The Bosnian-Muslim Family Who Saved Jews from the Nazis—and Who Were Later Rescued in Return

Sabina Vajraca, a U.S.-based director and former refugee from the Yugoslav wars of the 1990s, recently released a short film titled Sevap/Mitzvah (“A Good Deed”). It is based on the life of Zejneba Hardaga, a Muslim woman who helped hide a Jewish family, the Kabiljos, during World War II and later helped them escape Nazi-occupied Sarajevo for Israel. As Daria Sito-Sucic notes, the good deed was returned half-a-century later, when the Kabiljos helped Hardaga flee Bosnia’s embattled capital and find refuge in the Jewish state.

The Hardagas were recognized as Righteous Among the Nations by the Israeli Holocaust museum Yad Vashem, based on testimony provided by the Kabiljo family. The honorific is awarded to non-Jews who helped Jews escape persecution in the Holocaust.

“Zejneba Hardaga is the first Muslim woman in the world who was recognized as Righteous Among Nations,” said Eli Tauber, a member of the Sarajevo Jewish community. Tauber, who wrote a book about 54 Bosnians who were honored as Righteous for saving Jews during the World War II, said that Hardaga also helped his grandparents leave Sarajevo at that time.

“She gave my grandmother a veil and pantaloons to disguise herself as a Muslim woman, . . . and gave my grandfather the money to buy tickets and run away from Sarajevo,” he recalled.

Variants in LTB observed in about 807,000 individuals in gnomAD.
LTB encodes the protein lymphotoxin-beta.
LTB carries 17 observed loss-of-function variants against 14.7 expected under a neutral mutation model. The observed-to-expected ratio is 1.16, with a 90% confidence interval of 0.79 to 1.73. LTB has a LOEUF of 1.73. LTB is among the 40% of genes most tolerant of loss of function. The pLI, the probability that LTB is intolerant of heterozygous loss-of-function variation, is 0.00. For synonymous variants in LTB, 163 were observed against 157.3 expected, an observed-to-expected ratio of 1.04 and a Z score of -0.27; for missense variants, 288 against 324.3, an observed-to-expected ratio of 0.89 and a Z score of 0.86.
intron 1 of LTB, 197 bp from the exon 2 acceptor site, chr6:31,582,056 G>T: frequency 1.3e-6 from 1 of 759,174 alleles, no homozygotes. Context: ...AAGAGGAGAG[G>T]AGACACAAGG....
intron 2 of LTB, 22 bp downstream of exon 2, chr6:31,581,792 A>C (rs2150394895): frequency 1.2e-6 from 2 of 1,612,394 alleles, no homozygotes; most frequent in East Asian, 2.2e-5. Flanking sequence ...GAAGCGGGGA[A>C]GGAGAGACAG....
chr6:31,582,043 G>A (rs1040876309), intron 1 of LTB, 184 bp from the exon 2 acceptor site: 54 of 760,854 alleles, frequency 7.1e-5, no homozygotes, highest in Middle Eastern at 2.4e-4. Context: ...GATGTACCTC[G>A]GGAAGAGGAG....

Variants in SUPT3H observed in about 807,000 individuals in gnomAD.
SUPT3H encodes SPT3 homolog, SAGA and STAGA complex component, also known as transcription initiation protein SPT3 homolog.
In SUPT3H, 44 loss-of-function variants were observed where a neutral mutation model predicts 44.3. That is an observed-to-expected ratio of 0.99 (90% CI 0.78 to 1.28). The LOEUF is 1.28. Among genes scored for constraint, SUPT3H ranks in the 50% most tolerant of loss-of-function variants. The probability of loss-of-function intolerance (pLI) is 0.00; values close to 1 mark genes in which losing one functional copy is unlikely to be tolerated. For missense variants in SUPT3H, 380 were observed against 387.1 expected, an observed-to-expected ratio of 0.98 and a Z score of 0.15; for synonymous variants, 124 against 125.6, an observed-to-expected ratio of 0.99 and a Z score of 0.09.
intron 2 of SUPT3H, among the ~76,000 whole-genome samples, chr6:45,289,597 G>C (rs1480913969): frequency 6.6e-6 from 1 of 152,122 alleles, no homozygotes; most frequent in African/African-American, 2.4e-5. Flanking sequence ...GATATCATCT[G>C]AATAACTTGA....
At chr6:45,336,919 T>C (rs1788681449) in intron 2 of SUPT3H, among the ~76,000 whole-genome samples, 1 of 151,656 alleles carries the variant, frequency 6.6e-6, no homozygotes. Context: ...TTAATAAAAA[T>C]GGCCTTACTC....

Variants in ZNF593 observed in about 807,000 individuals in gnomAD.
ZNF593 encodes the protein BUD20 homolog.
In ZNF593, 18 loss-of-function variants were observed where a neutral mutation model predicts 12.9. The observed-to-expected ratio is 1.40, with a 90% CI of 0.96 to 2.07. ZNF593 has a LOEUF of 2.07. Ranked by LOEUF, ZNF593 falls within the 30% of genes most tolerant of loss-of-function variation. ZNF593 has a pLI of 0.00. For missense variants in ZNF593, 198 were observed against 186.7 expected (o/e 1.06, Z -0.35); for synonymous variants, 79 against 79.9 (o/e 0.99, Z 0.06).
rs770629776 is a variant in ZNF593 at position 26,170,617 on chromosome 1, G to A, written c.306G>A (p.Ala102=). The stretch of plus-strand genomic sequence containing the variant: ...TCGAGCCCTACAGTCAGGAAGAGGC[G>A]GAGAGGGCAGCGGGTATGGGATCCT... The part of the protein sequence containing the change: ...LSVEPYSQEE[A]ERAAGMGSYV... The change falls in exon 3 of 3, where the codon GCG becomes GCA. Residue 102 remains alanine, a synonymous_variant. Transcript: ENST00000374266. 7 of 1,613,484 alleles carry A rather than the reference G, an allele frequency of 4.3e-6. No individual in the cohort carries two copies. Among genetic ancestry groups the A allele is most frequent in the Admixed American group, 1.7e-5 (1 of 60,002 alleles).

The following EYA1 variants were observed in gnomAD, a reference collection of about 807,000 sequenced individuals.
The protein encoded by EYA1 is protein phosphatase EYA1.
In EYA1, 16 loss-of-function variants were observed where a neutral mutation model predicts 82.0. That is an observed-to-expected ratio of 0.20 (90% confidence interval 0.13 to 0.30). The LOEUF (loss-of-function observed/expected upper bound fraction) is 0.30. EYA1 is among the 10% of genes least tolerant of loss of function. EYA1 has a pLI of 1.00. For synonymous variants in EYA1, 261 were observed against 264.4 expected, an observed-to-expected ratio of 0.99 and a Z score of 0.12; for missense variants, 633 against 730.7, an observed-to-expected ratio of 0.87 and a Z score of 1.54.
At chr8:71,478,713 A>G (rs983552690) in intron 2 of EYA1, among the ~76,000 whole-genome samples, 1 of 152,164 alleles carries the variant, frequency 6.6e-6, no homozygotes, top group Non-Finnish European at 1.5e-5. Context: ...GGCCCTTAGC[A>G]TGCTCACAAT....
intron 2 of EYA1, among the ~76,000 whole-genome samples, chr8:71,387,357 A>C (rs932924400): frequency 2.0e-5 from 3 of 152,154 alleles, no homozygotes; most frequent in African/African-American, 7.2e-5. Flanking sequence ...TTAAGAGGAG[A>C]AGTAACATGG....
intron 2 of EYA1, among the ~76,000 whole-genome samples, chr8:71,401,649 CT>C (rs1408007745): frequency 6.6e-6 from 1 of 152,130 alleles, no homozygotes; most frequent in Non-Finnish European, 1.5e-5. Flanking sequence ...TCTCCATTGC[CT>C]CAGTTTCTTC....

Read more at Reuters

More about: Bosnia, Holocaust, Holocaust rescue, Righteous Among the Nations


Only Hamas’s Defeat Can Pave the Path to Peace

Opponents of the IDF’s campaign in Gaza often appeal to two related arguments: that Hamas is rooted in a set of ideas and thus cannot be defeated militarily, and that the destruction in Gaza only further radicalizes Palestinians, thus increasing the threat to Israel. Rejecting both lines of thinking, Ghaith al-Omar writes:

What makes Hamas and similar militant organizations effective is not their ideologies but their ability to act on them. For Hamas, the sustained capacity to use violence was key to helping it build political power. Back in the 1990s, Hamas’s popularity was at its lowest point, as most Palestinians believed that liberation could be achieved by peaceful and diplomatic means. Its use of violence derailed that concept, but it established Hamas as a political alternative.

Ever since, the use of force and violence has been an integral part of Hamas’s strategy. . . . Indeed, one lesson from October 7 is that while Hamas maintains its military and violent capabilities, it will remain capable of shaping the political reality. To be defeated, Hamas must be denied that. This can only be done through the use of force.

Any illusions that Palestinian and Israeli societies can now trust one another or even develop a level of coexistence anytime soon should be laid to rest. If it can ever be reached, such an outcome is at best a generational endeavor. . . . Hamas triggered war and still insists that it would do it all again given the chance, so it will be hard-pressed to garner a following from Palestinians in Gaza who suffered so horribly for its decision.

Read more at Washington Institute for Near East Policy

More about: Gaza War 2023, Hamas, Israeli-Palestinian Conflict